Brief Look at the Military Use of the M113

Vietnam – the M113s were utilized heavily during the Vietnam War.  They were often used in offensive operations and search and destroy missions and were part of two of the largest invasions in Vietnam – Cambodia in 1970 and Laos in 1971.

Other Combat – Variants of the M113 Personnel Carrier have also been used in the Invasion of Panama, the Iran-Iraq War, the Persian Gulf War and the Iraq War and are still being used today in Afghanistan.  These later variants have been modernized with newer technology and upgrades.


  • Crew:  2
  • Passengers:  11
  • Main Armament:  M2 Browning machine gun
  • Operational Range:  300 miles
  • Speed:  42 miles per hour / 3.6 miles per hour in the water

The M113 variants remain in service today bringing total production of this armored personnel carrier well over 80,000 vehicles.

United States M16 Assault Rifle

The United States M16 assault rifle was designed in 1956, but production did not begin until 1963.  This rifle is considered one of the top rifles of the military.  The M16 first entered into service in the US Army during the Vietnam War as an effective weapon against jungle warfare – becoming standard issue by the US military by 1969.  After Vietnam, the variants of the M16 have remained the primary service rifles of the US armed forces.  This assault rifle is also used by a number of militaries throughout the world.  To date, more than 8 million M16s have been manufactured world-wide, making this assault rifle the most produced firearm of its caliber.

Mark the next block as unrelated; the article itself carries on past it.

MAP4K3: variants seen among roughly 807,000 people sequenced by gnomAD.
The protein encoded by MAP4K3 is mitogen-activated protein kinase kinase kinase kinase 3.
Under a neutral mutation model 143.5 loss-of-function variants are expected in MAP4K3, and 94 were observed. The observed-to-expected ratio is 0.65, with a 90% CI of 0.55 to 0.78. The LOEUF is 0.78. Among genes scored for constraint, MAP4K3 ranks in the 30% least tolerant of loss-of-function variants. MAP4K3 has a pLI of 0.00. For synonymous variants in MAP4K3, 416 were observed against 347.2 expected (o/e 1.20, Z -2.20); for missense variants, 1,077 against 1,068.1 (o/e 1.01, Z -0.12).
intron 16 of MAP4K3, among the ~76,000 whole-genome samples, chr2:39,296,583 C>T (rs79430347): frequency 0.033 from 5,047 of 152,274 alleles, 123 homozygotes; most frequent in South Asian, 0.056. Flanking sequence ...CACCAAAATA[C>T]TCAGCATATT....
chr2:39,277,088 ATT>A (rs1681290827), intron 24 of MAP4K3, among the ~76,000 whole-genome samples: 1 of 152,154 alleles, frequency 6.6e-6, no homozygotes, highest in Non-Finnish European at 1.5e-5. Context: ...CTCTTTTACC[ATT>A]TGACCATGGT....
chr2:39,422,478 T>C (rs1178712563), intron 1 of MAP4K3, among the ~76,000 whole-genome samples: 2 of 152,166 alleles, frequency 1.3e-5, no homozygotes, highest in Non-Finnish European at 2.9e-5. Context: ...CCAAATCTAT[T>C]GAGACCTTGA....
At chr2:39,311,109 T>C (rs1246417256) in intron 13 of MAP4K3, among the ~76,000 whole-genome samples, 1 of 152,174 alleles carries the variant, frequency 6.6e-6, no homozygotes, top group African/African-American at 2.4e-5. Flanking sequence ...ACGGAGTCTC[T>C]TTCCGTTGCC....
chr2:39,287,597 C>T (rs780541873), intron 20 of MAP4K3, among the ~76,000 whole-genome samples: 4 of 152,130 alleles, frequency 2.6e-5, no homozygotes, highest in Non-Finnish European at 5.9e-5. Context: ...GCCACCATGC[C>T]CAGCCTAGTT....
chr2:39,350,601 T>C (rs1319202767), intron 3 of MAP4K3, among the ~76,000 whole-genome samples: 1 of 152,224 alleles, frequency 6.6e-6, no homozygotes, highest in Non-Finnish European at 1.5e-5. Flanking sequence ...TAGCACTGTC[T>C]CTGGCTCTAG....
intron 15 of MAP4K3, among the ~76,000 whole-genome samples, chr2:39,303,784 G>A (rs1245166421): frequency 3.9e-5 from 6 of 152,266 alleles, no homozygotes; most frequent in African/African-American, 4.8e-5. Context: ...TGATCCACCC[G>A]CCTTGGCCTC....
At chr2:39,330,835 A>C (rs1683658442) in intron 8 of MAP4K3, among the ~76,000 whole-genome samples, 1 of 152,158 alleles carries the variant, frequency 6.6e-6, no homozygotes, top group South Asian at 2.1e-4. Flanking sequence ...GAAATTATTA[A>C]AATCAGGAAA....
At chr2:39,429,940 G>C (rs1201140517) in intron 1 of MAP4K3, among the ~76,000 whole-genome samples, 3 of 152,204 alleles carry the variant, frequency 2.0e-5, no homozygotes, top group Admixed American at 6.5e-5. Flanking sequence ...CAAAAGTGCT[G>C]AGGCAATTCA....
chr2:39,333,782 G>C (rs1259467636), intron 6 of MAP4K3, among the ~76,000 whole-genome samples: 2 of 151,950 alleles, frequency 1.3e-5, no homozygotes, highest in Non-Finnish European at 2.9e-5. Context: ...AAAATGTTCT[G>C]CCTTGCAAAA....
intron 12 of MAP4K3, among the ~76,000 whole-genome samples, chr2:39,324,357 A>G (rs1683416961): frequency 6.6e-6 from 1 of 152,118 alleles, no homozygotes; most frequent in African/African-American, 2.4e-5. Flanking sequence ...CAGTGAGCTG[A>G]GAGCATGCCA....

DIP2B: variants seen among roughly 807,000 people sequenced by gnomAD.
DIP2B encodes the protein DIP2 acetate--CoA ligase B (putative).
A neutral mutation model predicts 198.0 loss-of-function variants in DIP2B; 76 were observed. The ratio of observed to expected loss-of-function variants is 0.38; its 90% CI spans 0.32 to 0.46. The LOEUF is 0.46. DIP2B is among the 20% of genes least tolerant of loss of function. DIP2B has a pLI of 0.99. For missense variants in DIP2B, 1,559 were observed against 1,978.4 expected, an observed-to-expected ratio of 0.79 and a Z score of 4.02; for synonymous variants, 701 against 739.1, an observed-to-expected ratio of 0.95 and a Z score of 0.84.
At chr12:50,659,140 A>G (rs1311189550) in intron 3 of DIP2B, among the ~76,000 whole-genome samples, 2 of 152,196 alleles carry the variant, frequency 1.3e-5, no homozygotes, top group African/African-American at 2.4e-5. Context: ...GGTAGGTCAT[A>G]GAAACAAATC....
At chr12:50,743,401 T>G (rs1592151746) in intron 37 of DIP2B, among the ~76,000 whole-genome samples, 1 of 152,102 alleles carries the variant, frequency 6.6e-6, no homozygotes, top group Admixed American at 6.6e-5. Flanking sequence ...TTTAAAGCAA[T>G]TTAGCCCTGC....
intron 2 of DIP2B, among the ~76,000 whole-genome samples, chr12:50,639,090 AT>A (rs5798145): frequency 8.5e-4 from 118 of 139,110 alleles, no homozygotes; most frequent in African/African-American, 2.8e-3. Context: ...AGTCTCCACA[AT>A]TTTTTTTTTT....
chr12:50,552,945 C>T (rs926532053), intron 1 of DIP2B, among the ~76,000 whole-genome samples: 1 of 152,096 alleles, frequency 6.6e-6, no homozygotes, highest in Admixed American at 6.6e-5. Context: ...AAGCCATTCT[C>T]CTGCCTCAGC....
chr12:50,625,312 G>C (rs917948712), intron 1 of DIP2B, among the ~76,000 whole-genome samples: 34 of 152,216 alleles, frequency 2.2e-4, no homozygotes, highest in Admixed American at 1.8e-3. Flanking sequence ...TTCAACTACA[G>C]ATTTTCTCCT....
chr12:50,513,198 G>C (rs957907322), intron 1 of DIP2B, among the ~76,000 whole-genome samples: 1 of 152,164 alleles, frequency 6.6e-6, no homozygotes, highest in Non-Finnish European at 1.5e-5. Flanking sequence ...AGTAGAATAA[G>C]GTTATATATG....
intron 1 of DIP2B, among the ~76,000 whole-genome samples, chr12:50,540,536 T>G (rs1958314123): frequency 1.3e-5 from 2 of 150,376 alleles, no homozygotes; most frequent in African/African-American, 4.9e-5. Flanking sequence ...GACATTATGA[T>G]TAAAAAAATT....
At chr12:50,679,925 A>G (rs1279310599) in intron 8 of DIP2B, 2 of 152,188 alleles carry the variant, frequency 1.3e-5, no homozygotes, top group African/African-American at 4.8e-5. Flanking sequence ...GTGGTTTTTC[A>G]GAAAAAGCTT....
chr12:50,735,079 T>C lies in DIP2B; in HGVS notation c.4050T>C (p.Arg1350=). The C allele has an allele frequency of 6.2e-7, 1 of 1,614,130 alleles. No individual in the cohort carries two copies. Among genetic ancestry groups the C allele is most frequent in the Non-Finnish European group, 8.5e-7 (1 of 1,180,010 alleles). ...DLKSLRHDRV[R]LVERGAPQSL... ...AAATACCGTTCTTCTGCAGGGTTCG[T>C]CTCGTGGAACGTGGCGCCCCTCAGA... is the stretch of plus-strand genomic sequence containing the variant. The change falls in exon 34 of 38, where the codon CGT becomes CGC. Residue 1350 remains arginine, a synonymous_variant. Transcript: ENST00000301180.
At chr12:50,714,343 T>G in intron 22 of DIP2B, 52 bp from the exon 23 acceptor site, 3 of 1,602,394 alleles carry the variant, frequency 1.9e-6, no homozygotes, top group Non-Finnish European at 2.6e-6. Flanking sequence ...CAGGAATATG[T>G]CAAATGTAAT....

Step back in time as you step into the Firearms and Ordnance Gallery at the Armed Forces History Museum.  Feel the power insisde this extensive gallery of authentic weapons from around the world dating throughout history.  Included in this display is an M16 Assault Rifle. 

About the M16

A lightweight, air-cooled assault rifle, the M16 is built using steel, an aluminum alloy, composite plastics and polymer.  This 5.56 x 45 mm NATO cartridge rifle is magazine fed, capable of 12 to 15 rounds per minute of sustained firing and 45 to 60 rounds per minute of semi-automatic firing.  Its muzzle velocity is 3,110 feet per second and the M16 has an effective range of 550 meters point target and 800 meters for an area target.  The barrel length on the M16 is 20 inches and it only weighs 7.18 lbs. (without ammo).